Remember, you have to start smaller before you advance into more complicated tasks. Within months you can already be writing games easily.

A beginner to science doesn't just jump straight into string theory.


#4985137 Game creation software

Posted by Pointer2APointer on 29 September 2012 - 02:11 PM

The problem is that i want something more "complex"


Java is your starting haven for suitable web applet game creation: --> http://en.wikipedia.org/wiki/Java_(programming_language)

Java applets can be directly integrated on web pages, and it's more powerful and complex than Flash.

Also, I checked out that game you want to make ... keep in mind that it's not an "easy" task to accomplish a game like that.

In reality, many programmers will struggle to get ping pong game logic and flow to be accurate, because even the most simple games require time and strategy.

The game you want to make is a bit farfetched from just being a Flash programmer. You should start smaller, and work your way up.

My advice: learn Java, use its API (or any graphics API/library it can bind with) and practice executable programs first, and try to accomplish more easier games (like some with direct raster graphics in memory, not 3-D models, complex animations, AI, etc.).

You are setting yourself up for a big goal before completing several smaller ones.


#4984081 Hi, I'm new and need some advices

Posted by Pointer2APointer on 26 September 2012 - 01:41 PM

When I was at your stage, the thing that eased me into, let's say, "real programming" from scratch, was GameMaker:

http://www.yoyogames...amemaker/studio

Believe it or not, there was one point where I knew absolutely nothing - not a clue on how computers worked from square one.

Programming is writing instructions that perform actions, in the simplest sense.

GameMaker can be witnessed as real programming - it just helps you get the job done way easier than without most of the tasks done for you.

One day I just decided to find out what programming really is, how computers really work ... and I did.

My first ever language learned was, believe it or not, as a total beginner (excluding some GML), C++, bare bones. Yes.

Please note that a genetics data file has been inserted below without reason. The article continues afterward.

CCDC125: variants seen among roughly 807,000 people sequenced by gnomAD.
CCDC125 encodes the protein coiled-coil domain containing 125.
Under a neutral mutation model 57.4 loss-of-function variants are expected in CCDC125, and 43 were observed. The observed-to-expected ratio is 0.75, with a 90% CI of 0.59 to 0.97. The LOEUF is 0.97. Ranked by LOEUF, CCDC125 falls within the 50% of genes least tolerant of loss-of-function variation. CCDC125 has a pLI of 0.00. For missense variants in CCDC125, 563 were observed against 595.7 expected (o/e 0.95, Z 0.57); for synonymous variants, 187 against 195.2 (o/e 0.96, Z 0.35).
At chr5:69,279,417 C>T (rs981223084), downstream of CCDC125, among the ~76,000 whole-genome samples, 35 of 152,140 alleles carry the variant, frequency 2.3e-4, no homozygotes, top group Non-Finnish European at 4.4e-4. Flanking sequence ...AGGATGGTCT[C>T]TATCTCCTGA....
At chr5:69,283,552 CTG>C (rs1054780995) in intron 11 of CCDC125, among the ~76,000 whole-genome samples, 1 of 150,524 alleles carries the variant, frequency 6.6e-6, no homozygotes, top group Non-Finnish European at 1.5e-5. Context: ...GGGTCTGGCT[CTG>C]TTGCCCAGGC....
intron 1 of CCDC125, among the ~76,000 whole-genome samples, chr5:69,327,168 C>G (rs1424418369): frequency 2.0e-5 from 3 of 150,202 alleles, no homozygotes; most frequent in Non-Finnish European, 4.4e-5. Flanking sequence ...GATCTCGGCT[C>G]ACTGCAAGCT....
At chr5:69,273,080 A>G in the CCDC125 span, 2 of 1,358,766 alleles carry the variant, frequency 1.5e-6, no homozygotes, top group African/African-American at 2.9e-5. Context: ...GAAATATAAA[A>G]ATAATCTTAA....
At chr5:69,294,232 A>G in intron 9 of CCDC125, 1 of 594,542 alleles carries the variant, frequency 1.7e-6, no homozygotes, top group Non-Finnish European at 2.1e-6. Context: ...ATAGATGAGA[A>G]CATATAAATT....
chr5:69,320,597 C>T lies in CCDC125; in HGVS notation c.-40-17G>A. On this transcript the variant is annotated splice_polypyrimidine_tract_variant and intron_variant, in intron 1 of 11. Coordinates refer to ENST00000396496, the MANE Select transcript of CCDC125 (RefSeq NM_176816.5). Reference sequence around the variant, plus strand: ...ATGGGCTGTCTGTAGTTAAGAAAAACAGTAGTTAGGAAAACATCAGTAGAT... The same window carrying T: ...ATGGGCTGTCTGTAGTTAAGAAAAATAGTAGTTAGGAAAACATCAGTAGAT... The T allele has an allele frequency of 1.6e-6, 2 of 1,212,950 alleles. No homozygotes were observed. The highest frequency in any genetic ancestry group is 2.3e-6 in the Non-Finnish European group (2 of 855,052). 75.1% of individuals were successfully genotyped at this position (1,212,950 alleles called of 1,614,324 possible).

It was so complicated at first, but after months passed, it was like a newly spoken language.

You can start programming from any level or step, so long as it's not so advanced you'd be lost as to where to start observing.

For example, a typical computer-user with absolutely no programming skills or knowledge would be hopeless trying to analyze an Assembly language(low-level programming language).

But a beginner can start with C, C++, Java, etc. It depends on which one suits you best.

But here are some things you need to know, and that will make everything so much easier for you, from my experience:

1.You have to know how a programming language works, the basics of how computer hardware works, and know what and how you can do certain things in that language before pursuing game programming.

I'm not trying to shun anyone from programming here, but knowing proper language syntax, rules, data types like arrays, vectors, characters, linked lists, pointers, etc., are all a major bonus in programming, and the best part is - they are also a bonus in game programming specifics as well.

2.You need to know the mechanics of games.

A game-loop is a function/method or region of code in your program that constantly loops and executes your game, game logic, game functions, animation, artificial intelligence, input and output, graphics, etc. Anything you want, but without a loop it would be nothing.

What I'm trying to say is that in order to accomplish making a game, you are really going to be urged to know how games work, and the best practices on how to get certain tasks done. To make a game you will need something to provide a graphical window (mostly graphic - though games can be made through text-only interfaces), and there are things called libraries that do that for you.